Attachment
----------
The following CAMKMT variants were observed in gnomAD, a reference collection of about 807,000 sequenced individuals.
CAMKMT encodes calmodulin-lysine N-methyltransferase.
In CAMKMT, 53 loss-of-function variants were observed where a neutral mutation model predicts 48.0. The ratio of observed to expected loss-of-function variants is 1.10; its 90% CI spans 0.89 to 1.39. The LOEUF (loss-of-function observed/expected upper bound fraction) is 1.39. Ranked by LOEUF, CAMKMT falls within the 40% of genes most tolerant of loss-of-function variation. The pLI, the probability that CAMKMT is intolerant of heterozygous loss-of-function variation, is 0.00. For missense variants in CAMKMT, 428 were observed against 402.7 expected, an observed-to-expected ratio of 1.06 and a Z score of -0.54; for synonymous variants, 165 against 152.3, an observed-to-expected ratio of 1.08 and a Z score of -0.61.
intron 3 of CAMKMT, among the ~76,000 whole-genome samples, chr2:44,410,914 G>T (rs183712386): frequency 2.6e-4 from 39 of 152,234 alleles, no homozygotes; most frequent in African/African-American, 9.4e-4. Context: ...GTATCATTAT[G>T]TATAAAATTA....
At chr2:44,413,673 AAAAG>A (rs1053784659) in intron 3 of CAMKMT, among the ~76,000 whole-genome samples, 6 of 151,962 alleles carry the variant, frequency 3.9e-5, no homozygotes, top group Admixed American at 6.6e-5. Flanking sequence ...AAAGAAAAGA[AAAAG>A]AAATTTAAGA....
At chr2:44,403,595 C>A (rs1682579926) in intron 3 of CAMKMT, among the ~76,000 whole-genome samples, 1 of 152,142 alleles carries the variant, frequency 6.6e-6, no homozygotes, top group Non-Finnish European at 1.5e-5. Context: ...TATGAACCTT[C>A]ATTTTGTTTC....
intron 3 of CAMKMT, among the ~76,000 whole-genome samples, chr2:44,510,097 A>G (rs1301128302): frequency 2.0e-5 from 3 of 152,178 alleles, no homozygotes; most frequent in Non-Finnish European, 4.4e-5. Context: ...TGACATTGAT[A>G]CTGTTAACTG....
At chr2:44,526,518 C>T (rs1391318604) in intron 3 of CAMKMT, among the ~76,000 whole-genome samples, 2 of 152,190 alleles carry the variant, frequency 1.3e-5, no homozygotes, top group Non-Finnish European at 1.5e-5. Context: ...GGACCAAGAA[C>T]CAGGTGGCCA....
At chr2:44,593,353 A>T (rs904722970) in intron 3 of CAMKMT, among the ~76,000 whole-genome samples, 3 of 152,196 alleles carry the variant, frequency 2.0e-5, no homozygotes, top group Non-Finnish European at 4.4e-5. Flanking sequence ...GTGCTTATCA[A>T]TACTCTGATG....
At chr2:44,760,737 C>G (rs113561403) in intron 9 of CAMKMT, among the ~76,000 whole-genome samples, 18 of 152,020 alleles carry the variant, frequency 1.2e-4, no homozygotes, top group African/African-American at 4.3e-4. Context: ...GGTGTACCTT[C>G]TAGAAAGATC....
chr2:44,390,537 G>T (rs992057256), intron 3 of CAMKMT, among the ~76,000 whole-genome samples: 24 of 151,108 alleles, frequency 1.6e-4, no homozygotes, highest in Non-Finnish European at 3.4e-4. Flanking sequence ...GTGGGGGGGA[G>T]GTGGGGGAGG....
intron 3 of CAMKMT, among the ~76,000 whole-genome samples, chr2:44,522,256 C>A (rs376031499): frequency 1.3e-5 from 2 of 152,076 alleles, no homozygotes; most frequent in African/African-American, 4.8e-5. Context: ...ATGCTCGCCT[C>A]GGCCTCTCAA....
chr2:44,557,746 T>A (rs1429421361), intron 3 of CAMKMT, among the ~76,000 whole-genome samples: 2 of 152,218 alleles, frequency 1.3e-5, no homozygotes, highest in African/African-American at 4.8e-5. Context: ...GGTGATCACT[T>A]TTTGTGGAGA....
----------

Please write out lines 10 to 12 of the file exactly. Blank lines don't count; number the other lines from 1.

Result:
At chr2:44,760,737 C>G (rs113561403) in intron 9 of CAMKMT, among the ~76,000 whole-genome samples, 18 of 152,020 alleles carry the variant, frequency 1.2e-4, no homozygotes, top group African/African-American at 4.3e-4. Context: ...GGTGTACCTT[C>G]TAGAAAGATC....
chr2:44,390,537 G>T (rs992057256), intron 3 of CAMKMT, among the ~76,000 whole-genome samples: 24 of 151,108 alleles, frequency 1.6e-4, no homozygotes, highest in Non-Finnish European at 3.4e-4. Flanking sequence ...GTGGGGGGGA[G>T]GTGGGGGAGG....
intron 3 of CAMKMT, among the ~76,000 whole-genome samples, chr2:44,522,256 C>A (rs376031499): frequency 1.3e-5 from 2 of 152,076 alleles, no homozygotes; most frequent in African/African-American, 4.8e-5. Context: ...ATGCTCGCCT[C>A]GGCCTCTCAA....